None of us has ever lived through a genuine industrial revolution. Until now. Digital technology is transforming every corner of the economy, fundamentally altering the way things are done, who does them, and what they earn for their efforts. In The Wealth of Humans, Economist editor Ryan Avent brings up-to-the-minute research and reporting to bear on the major economic question of our time: can the modern world manage technological changes every bit as disruptive as those that shook the socioeconomic landscape of the 19th century? Traveling from Shenzhen, to Gothenburg, to Mumbai, to Silicon Valley, Avent investigates the meaning of work in the twenty-first century: how technology is upending time-tested business models and thrusting workers of all kinds into a world wholly unlike that of a generation ago. It's a world in which the relationships between capital and labor and between rich and poor have been overturned. Past revolutions required rewriting the social contract: this one is unlikely to demand anything less. Avent looks to the history of the Industrial Revolution and the work of numerous experts for lessons in reordering society. The future needn't be bleak, but as The Wealth of Humans explains, we can't expect to restructure the world without a wrenching rethinking of what an economy should be.
Media, Politics, and the Struggle for Post-Capitalist Democracy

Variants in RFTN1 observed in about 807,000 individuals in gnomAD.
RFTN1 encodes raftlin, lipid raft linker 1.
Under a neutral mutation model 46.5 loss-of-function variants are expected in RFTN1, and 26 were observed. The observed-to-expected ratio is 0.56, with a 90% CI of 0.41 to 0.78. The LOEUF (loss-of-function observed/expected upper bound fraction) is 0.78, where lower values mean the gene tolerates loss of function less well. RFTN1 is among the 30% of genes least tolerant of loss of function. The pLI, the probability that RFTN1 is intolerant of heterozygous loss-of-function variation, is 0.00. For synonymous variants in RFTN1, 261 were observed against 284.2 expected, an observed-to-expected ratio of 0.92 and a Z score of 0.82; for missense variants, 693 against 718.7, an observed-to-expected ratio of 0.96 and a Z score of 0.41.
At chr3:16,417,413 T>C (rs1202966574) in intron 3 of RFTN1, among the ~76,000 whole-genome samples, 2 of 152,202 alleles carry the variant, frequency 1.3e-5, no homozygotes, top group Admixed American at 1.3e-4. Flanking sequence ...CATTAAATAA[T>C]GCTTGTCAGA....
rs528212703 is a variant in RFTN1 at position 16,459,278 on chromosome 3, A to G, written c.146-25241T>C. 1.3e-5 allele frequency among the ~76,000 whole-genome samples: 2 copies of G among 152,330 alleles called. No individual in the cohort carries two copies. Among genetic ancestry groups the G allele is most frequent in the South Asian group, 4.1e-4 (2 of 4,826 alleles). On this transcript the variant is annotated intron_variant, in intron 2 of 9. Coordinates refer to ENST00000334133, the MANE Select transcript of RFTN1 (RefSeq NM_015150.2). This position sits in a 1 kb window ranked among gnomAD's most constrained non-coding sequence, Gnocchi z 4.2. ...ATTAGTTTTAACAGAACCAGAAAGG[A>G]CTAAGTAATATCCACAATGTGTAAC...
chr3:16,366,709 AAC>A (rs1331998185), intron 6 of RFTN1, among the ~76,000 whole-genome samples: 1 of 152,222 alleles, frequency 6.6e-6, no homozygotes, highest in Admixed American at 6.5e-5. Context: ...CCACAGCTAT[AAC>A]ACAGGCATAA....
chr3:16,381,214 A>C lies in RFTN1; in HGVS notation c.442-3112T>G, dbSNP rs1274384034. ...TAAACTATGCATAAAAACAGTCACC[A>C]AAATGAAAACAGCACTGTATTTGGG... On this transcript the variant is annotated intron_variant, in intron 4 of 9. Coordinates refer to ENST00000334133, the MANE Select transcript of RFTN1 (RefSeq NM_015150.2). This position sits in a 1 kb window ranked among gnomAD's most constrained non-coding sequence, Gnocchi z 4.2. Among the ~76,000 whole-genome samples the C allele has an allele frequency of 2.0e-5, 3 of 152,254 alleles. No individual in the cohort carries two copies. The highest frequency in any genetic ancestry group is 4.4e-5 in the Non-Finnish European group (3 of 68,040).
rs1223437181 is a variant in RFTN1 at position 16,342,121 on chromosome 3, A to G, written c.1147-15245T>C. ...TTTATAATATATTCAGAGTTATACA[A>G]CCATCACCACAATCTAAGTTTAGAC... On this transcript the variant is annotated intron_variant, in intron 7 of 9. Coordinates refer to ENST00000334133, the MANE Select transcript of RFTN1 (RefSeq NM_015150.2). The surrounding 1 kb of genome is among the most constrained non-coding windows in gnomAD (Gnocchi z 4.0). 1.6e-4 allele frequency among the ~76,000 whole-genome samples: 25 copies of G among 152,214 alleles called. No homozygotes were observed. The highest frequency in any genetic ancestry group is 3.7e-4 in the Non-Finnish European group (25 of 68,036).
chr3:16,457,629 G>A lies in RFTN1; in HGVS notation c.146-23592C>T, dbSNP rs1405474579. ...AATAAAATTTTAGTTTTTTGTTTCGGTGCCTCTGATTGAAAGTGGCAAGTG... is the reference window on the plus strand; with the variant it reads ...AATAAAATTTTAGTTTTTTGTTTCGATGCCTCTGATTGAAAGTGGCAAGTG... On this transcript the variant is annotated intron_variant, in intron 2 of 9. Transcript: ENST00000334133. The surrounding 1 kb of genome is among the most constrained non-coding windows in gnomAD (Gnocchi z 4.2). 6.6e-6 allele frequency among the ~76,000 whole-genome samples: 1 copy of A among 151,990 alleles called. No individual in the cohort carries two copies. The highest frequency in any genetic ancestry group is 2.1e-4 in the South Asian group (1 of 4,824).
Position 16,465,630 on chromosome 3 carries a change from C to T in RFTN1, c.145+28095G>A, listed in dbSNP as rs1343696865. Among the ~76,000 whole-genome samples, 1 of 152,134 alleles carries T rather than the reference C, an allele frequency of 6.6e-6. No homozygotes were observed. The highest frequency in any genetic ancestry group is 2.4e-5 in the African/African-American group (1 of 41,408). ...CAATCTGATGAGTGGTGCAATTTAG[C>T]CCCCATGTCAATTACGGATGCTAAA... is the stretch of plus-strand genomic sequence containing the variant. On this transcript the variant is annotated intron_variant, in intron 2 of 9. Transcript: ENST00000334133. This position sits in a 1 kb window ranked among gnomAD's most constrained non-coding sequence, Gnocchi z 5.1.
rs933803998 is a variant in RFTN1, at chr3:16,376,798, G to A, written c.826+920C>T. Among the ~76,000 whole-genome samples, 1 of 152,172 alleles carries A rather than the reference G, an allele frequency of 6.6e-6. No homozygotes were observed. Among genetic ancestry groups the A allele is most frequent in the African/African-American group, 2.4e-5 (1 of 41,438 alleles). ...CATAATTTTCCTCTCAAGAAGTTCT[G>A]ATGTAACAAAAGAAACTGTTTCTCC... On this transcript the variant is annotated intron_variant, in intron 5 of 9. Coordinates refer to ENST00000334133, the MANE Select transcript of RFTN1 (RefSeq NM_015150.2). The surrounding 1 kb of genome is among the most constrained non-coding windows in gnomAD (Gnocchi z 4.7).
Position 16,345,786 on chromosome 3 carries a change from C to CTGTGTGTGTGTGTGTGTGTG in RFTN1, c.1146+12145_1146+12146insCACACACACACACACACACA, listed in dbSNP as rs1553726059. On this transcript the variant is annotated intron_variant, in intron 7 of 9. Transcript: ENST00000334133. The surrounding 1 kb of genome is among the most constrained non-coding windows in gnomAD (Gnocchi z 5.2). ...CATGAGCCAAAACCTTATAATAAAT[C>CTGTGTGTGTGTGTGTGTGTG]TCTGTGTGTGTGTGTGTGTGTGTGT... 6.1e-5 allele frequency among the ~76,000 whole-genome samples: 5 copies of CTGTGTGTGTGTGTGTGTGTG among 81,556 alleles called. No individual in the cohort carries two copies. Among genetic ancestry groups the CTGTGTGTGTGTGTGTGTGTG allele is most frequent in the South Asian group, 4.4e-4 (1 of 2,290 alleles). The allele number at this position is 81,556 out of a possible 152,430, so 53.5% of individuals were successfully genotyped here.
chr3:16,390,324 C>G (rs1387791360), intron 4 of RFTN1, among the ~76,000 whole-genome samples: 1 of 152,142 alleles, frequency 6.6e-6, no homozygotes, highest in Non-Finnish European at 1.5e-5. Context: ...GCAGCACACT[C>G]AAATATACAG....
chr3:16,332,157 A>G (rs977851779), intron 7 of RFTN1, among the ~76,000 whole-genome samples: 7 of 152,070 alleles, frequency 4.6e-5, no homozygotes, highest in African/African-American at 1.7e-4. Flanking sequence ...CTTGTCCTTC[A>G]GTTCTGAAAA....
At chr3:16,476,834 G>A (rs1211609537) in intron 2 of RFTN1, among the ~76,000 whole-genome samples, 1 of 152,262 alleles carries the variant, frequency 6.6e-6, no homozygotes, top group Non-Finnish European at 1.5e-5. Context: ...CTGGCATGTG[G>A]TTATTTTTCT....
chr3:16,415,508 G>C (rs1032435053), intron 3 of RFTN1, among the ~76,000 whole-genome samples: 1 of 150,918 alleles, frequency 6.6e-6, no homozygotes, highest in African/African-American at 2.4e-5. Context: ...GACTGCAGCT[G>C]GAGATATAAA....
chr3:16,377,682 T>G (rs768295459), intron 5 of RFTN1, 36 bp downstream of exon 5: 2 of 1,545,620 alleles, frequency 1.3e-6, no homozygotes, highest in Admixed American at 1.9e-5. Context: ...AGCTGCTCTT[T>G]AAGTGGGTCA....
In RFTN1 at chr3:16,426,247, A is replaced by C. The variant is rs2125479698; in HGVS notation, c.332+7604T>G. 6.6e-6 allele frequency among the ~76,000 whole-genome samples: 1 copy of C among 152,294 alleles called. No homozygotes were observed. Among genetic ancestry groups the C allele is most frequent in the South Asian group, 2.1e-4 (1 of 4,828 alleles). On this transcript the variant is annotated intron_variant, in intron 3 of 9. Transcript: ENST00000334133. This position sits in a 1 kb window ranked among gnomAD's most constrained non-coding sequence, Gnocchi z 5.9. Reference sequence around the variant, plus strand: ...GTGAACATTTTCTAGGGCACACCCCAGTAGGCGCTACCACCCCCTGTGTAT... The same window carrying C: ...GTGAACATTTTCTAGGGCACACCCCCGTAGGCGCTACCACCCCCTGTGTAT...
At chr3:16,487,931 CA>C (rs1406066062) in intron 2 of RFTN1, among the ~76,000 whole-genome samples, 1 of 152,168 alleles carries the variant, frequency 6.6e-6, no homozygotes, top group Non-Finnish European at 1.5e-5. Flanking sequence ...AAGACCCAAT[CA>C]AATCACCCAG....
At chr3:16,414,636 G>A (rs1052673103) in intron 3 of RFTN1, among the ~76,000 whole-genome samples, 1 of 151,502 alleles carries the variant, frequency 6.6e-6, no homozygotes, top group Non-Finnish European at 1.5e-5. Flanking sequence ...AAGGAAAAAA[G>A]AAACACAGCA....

Author: Robert Waterman McChesney
Publisher: NYU Press
Category: Political Science
In the United States and much of the world there is a palpable depression about the prospect of overcoming the downward spiral created by the tyranny of wealth and privilege and establishing a truly democratic and sustainable society. It threatens to become self-fulfilling. In this trailblazing new book, award-winning author Robert W. McChesney argues that the weight of the present is blinding people to the changing nature and the tremendous possibilities of the historical moment we inhabit. In Blowing the Roof off the Twenty-First Century, he uses a sophisticated political economic analysis to delineate the recent trajectory of capitalism and its ongoing degeneration. In exciting new research McChesney reveals how notions of democratic media are becoming central to activists around the world seeking to establish post-capitalist democracies. Blowing the Roof off the Twenty-First Century also takes a fresh look at recent progressive political campaigns in the United States. While conveying complex ideas in a lively and accessible manner, McChesney demonstrates a very different and far superior world is not only necessary, but possible.
Twenty-First Century Inequality & Capitalism: Piketty, Marx and Beyond is a collection of critical essays on the economist’s iconic 2014 book, from the perspective of critical theory, global political economy or public sociology, mostly drawn from the Marxist tradition.